| GEOGRAPHIC NAMES | GEOLOGY | USA STATS | CHINA STATS | COUNTRY CODES | AIRPORTS | RELIGION | JOBS |

Georgia Introduction 2018

SOURCE: 2018 CIA WORLD FACTBOOK AND OTHER SOURCES











Georgia Introduction 2018
SOURCE: 2018 CIA WORLD FACTBOOK AND OTHER SOURCES


Page last updated on February 28, 2018

Background:
The region of present day Georgia contained the ancient kingdoms of Colchis and Kartli-Iberia. The area came under Roman influence in the first centuries A.D., and Christianity became the state religion in the 330s. Domination by Persians, Arabs, and Turks was followed by a Georgian golden age (11th-13th centuries) that was cut short by the Mongol invasion of 1236. Subsequently, the Ottoman and Persian empires competed for influence in the region. Georgia was absorbed into the Russian Empire in the 19th century. Independent for three years (1918-1921) following the Russian revolution, it was forcibly incorporated into the USSR in 1921 and regained its independence when the Soviet Union dissolved in 1991. Mounting public discontent over rampant corruption and ineffective government services, followed by an attempt by the incumbent Georgian Government to manipulate parliamentary elections in November 2003, touched off widespread protests that led to the resignation of Eduard SHEVARDNADZE, president since 1995. In the aftermath of that popular movement, which became known as the "Rose Revolution," new elections in early 2004 swept Mikheil SAAKASHVILI into power along with his United National Movement (UNM) party. Progress on market reforms and democratization has been made in the years since independence, but this progress has been complicated by Russian assistance and support to the separatist regions of Abkhazia and South Ossetia. Periodic flare-ups in tension and violence culminated in a five-day conflict in August 2008 between Russia and Georgia, including the invasion of large portions of undisputed Georgian territory. Russian troops pledged to pull back from most occupied Georgian territory, but in late August 2008 Russia unilaterally recognized the independence of Abkhazia and South Ossetia, and Russian military forces remain in those regions. Billionaire philanthropist Bidzina IVANISHVILI's unexpected entry into politics in October 2011 brought the divided opposition together under his Georgian Dream coalition, which won a majority of seats in the October 2012 parliamentary elections and removed UNM from power. Conceding defeat, SAAKASHVILI named IVANISHVILI as prime minister and allowed Georgian Dream to create a new government. Giorgi MARGVELASHVILI was inaugurated as president on 17 November 2013, ending a tense year of power-sharing between SAAKASHVILI and IVANISHVILI. IVANISHVILI voluntarily resigned from office after the presidential succession, and Georgia's legislature on 20 November 2013 confirmed Irakli GARIBASHVILI as his replacement. GARIBASHVILI was replaced by Giorgi KVIRIKASHVILI in December 2015. KVIRIKASHVILI remained Prime Minister following Georgian Dream’s success in the October 2016 parliamentary elections, where the party won a constitutional majority. These changes in leadership represent unique examples of a former Soviet state that emerged to conduct democratic and peaceful government transitions of power. Popular and government support for integration with the West is high in Georgia. Joining the EU and NATO are among the country's top foreign policy goals.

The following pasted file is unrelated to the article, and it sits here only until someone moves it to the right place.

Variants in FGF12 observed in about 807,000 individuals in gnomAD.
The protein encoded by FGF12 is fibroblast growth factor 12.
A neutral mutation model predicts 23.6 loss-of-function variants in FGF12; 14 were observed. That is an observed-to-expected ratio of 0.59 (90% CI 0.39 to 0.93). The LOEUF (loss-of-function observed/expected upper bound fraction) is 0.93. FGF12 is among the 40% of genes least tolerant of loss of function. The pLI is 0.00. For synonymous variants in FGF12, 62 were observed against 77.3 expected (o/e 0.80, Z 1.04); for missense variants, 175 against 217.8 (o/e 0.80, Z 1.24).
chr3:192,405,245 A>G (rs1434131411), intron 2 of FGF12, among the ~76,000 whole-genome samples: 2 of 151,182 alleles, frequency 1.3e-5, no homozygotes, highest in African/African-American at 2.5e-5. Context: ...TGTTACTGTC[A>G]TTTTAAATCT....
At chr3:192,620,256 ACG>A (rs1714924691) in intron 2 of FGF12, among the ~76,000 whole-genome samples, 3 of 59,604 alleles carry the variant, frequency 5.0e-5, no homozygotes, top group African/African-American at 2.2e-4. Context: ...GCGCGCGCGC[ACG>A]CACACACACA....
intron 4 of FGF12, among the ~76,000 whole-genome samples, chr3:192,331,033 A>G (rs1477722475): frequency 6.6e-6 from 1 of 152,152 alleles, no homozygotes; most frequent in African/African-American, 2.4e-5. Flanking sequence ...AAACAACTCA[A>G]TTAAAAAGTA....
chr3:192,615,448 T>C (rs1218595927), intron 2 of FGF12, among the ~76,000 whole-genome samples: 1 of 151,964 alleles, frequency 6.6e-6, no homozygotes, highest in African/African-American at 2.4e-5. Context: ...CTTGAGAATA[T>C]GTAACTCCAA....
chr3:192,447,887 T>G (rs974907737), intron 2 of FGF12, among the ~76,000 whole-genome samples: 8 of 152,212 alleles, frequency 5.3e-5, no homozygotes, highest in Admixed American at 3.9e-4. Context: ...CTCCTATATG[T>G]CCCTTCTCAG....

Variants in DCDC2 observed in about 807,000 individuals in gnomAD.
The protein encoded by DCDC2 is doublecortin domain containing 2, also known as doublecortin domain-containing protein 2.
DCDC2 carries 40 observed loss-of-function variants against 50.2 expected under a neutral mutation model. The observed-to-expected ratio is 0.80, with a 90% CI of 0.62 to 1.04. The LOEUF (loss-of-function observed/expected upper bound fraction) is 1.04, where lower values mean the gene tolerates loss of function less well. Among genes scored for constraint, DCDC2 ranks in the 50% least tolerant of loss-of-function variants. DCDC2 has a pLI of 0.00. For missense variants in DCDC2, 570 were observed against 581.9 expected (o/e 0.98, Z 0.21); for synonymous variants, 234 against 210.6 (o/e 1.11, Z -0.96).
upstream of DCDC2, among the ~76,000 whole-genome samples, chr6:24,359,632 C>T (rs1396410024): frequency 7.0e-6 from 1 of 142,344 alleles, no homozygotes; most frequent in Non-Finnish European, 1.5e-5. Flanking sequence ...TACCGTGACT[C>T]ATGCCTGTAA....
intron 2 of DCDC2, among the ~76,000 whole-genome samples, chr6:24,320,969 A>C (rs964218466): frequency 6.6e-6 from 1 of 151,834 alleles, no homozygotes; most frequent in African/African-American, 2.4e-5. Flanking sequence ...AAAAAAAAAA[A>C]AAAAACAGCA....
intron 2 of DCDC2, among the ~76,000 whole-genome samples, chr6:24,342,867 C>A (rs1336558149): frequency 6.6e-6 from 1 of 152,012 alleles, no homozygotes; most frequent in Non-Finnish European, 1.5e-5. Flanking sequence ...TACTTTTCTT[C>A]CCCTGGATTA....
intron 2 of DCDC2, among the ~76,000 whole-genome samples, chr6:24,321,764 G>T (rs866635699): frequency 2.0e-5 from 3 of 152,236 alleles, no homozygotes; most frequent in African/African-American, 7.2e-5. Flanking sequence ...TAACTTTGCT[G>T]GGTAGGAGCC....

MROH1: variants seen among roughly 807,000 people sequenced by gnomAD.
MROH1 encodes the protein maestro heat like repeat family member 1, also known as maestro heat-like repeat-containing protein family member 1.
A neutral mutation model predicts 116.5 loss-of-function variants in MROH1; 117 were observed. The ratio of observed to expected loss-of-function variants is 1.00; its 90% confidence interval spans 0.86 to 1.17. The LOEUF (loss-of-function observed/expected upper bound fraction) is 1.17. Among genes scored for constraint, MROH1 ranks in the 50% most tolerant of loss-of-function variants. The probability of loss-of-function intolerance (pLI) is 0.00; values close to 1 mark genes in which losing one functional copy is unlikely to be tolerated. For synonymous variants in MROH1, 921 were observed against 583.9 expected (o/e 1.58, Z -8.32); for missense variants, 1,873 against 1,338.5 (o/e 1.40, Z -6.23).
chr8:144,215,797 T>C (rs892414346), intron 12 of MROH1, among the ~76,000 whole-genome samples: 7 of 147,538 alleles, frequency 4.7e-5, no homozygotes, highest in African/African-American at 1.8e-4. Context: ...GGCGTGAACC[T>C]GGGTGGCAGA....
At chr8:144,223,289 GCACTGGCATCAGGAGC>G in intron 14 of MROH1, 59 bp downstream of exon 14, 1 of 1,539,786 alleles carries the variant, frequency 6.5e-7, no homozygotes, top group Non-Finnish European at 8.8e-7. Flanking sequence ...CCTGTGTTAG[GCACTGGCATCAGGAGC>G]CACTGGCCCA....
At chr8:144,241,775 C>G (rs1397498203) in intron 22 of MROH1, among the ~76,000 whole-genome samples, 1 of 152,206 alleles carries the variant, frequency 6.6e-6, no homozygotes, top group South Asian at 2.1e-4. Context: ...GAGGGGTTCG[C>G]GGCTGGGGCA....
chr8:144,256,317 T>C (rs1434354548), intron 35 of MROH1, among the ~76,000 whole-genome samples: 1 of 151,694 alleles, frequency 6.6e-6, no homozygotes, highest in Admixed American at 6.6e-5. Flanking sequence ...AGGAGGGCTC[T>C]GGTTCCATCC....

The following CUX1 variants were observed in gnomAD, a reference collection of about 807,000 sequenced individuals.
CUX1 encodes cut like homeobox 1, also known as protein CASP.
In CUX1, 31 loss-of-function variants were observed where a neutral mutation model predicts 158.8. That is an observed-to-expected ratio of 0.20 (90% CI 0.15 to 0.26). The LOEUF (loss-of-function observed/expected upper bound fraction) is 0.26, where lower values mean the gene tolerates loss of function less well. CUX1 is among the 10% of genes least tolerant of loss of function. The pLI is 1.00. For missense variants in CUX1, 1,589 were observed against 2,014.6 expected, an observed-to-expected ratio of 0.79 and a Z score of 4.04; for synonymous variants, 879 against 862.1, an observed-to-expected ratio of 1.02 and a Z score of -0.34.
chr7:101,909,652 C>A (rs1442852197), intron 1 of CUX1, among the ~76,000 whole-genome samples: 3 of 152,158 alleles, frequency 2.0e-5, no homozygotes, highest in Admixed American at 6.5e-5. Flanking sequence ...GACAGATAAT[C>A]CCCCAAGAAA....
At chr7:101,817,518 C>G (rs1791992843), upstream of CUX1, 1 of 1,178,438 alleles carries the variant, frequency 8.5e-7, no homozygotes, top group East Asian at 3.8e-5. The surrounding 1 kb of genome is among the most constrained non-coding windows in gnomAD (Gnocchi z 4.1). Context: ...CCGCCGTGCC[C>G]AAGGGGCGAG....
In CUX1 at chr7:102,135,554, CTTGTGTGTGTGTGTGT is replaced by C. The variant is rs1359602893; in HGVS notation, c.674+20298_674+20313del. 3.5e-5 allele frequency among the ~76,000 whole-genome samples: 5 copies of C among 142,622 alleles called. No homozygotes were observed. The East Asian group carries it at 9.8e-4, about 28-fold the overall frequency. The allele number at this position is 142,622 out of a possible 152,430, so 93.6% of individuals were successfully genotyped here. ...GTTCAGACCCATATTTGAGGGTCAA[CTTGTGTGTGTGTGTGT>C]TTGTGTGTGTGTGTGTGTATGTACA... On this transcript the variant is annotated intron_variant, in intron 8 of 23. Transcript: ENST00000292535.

NOTE: 1) The information regarding Georgia on this page is re-published from the 2018 World Fact Book of the United States Central Intelligence Agency. No claims are made regarding the accuracy of Georgia Introduction 2018 information contained here. All suggestions for corrections of any errors about Georgia Introduction 2018 should be addressed to the CIA.
2) The rank that you see is the CIA reported rank, which may habe the following issues:
  a) The assign increasing rank number, alphabetically for countries with the same value of the ranked item, whereas we assign them the same rank.
  b) The CIA sometimes assignes counterintuitive ranks. For example, it assigns unemployment rates in increasing order, whereas we rank them in decreasing order






This page was last modified 28-Feb-18
Copyright © 1995- , ITA all rights reserved.

    . Feedback